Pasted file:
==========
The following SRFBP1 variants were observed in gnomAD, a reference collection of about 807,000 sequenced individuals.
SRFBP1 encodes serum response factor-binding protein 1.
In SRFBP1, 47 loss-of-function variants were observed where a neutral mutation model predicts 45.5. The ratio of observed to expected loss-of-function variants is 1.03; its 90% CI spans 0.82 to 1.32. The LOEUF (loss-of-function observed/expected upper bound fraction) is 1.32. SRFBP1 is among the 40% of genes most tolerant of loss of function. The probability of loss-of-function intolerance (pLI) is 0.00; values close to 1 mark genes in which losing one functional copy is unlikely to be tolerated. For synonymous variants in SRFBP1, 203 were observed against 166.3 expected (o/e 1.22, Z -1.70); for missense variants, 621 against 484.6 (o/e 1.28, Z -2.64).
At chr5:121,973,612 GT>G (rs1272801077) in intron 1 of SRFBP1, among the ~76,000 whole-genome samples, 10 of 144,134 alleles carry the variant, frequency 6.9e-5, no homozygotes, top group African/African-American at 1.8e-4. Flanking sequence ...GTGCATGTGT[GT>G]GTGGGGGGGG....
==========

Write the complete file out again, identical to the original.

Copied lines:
The following SRFBP1 variants were observed in gnomAD, a reference collection of about 807,000 sequenced individuals.
SRFBP1 encodes serum response factor-binding protein 1.
In SRFBP1, 47 loss-of-function variants were observed where a neutral mutation model predicts 45.5. The ratio of observed to expected loss-of-function variants is 1.03; its 90% CI spans 0.82 to 1.32. The LOEUF (loss-of-function observed/expected upper bound fraction) is 1.32. SRFBP1 is among the 40% of genes most tolerant of loss of function. The probability of loss-of-function intolerance (pLI) is 0.00; values close to 1 mark genes in which losing one functional copy is unlikely to be tolerated. For synonymous variants in SRFBP1, 203 were observed against 166.3 expected (o/e 1.22, Z -1.70); for missense variants, 621 against 484.6 (o/e 1.28, Z -2.64).
At chr5:121,973,612 GT>G (rs1272801077) in intron 1 of SRFBP1, among the ~76,000 whole-genome samples, 10 of 144,134 alleles carry the variant, frequency 6.9e-5, no homozygotes, top group African/African-American at 1.8e-4. Flanking sequence ...GTGCATGTGT[GT>G]GTGGGGGGGG....